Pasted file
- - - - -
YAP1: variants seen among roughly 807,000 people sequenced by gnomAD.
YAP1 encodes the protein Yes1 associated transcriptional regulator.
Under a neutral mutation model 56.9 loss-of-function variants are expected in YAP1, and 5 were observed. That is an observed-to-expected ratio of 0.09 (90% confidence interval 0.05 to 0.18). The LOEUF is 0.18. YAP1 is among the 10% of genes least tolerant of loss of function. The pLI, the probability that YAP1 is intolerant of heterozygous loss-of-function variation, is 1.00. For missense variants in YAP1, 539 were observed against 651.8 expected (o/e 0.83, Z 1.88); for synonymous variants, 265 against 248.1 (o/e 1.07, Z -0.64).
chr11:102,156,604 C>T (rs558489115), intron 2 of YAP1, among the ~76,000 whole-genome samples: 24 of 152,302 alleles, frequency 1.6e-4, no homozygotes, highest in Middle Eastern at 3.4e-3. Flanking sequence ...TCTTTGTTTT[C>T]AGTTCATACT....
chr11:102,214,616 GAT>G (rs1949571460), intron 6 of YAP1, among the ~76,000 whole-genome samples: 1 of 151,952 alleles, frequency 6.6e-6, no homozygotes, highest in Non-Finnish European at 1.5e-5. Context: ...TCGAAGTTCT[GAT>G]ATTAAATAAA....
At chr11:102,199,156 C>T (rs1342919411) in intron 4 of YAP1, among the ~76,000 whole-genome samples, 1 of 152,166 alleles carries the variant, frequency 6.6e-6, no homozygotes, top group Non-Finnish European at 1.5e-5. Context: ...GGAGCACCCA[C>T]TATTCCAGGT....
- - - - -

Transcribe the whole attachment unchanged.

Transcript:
YAP1: variants seen among roughly 807,000 people sequenced by gnomAD.
YAP1 encodes the protein Yes1 associated transcriptional regulator.
Under a neutral mutation model 56.9 loss-of-function variants are expected in YAP1, and 5 were observed. That is an observed-to-expected ratio of 0.09 (90% confidence interval 0.05 to 0.18). The LOEUF is 0.18. YAP1 is among the 10% of genes least tolerant of loss of function. The pLI, the probability that YAP1 is intolerant of heterozygous loss-of-function variation, is 1.00. For missense variants in YAP1, 539 were observed against 651.8 expected (o/e 0.83, Z 1.88); for synonymous variants, 265 against 248.1 (o/e 1.07, Z -0.64).
chr11:102,156,604 C>T (rs558489115), intron 2 of YAP1, among the ~76,000 whole-genome samples: 24 of 152,302 alleles, frequency 1.6e-4, no homozygotes, highest in Middle Eastern at 3.4e-3. Flanking sequence ...TCTTTGTTTT[C>T]AGTTCATACT....
chr11:102,214,616 GAT>G (rs1949571460), intron 6 of YAP1, among the ~76,000 whole-genome samples: 1 of 151,952 alleles, frequency 6.6e-6, no homozygotes, highest in Non-Finnish European at 1.5e-5. Context: ...TCGAAGTTCT[GAT>G]ATTAAATAAA....
At chr11:102,199,156 C>T (rs1342919411) in intron 4 of YAP1, among the ~76,000 whole-genome samples, 1 of 152,166 alleles carries the variant, frequency 6.6e-6, no homozygotes, top group Non-Finnish European at 1.5e-5. Context: ...GGAGCACCCA[C>T]TATTCCAGGT....